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Plans to introduce computer science in schools are a fine thing – but it’s never too late for adults to learn to code, says Emma Mulqueeny. Michael Gove’s plan to teach real computer science in schools is a great idea. I know this because I’ve spent the last three years developing an organisation called Young Rewired State, which finds and fosters children who’ve taught themselves how to code by introducing them to open data and a community of their peers. The uptake has been fantastic and we’ve enjoyed plenty of support from business leaders, who are desperate to engage with young, innovative developers, but are all-too-often unable to find any. But who says only children can learn to code? A new survey has found 28 per cent of UK adults wish they had pursued a career in technology – citing reasons such as salary, the intellectual challenge and wider job opportunities – and yet very few are willing to attempt the career change. According to the survey – carried out by – 45 per cent won’t switch careers as they ‘don’t have a degree in IT’, 30 per cent because they ‘would need to retrain’, and 40 per cent because they feel they are ‘too old’ to change jobs. Are these people correct in thinking that moving into computers is an unachievable goal? And with over 110,000 IT vacancies in the UK, and the IT workforce expected to grow by a further 113,000 by 2015, can we afford to wait for our children to plug the gap? (via Why shouldn’t adults learn to code too? – Telegraph)

Smart phones, tablets and video game systems are often seen as distractions to school children in developed countries, which tend to adhere to a strict teacher-student educational model. At Technology Review‘s Emerging Technologies (EmTech) conference here on October 25, a panel of technologists and educators posited that it’s time to embrace students’ use of such technologies and rethink learning in both developed and developing countries. “The issue isn’t education or schools—it’s learning,” panelist Nicholas Negroponte, founder and chairman emeritus of M.I.T.’s Media Lab and the chairman of the One Laptop Per Child (OLPC) foundation, said. “The fork in the road is the difference between knowing and understanding. We test people on what they know, but they might not understand a thing.” Not a new argument, but Negroponte’s approach to resolving it has been novel. Although OLPC’s efforts to put low-cost computers in the hands of underprivileged students has met with varying degrees of success, his latest focus is on what he says are the 100 million children worldwide without access to any formal education. While it’s impractical for a single organization to try to build schools for all of these children living in remote areas across the globe, an alternative might be giving these children tools and technology they can use to teach themselves, one another and their parents.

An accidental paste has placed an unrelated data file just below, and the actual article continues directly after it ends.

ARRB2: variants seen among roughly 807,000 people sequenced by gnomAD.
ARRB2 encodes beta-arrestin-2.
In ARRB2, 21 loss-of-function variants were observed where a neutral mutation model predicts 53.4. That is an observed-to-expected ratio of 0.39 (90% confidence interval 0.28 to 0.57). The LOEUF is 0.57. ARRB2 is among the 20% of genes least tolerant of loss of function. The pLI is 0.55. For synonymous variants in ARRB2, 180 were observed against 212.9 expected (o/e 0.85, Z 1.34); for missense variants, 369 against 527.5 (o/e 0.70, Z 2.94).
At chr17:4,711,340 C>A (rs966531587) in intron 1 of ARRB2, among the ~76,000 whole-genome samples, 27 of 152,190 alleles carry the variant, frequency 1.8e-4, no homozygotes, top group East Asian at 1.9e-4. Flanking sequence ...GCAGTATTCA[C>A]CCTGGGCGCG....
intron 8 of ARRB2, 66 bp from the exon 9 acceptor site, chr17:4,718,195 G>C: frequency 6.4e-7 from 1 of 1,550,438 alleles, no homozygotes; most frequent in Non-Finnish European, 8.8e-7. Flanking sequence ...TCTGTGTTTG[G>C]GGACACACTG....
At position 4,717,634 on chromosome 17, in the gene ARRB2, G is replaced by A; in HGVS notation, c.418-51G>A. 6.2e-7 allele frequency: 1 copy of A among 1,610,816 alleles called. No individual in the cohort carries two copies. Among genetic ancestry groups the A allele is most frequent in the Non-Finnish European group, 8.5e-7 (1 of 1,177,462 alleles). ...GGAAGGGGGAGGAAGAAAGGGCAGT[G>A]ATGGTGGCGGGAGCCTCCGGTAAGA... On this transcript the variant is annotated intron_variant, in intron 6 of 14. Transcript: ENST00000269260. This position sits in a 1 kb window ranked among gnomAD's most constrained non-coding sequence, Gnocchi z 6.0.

Educating Players: Are Games the Future of Education? | Observations, Scientific American Blog Network

A Washington State University researcher has found that engaging elementary school students in science for as little as 10 hours a year can lead to improved test scores in math and language arts. Samantha Gizerian, a clinical assistant professor in WSU’s Department of Veterinary and Comparative Anatomy, Pharmacology and Physiology, saw improved test scores among fourth-grade students in South Los Angeles after students from the Charles R. Drew University of Medicine and Science gave 10 one-hour presentations on science. “A lot of students say things like, ‘I didn’t know science was fun,’” says Gizerian, who helped with the classes while on the Drew faculty. “And because they think it’s fun, all of a sudden it’s not work anymore. It’s not homework. It’s not something extra that they have to do.” The fourth-graders in turn took home nonfiction books and showed a greater willingness to practice reading and math, says Gizerian. Test scores bear that out.

A little science goes a long way: Math and language scores improve with 10 hours of instruction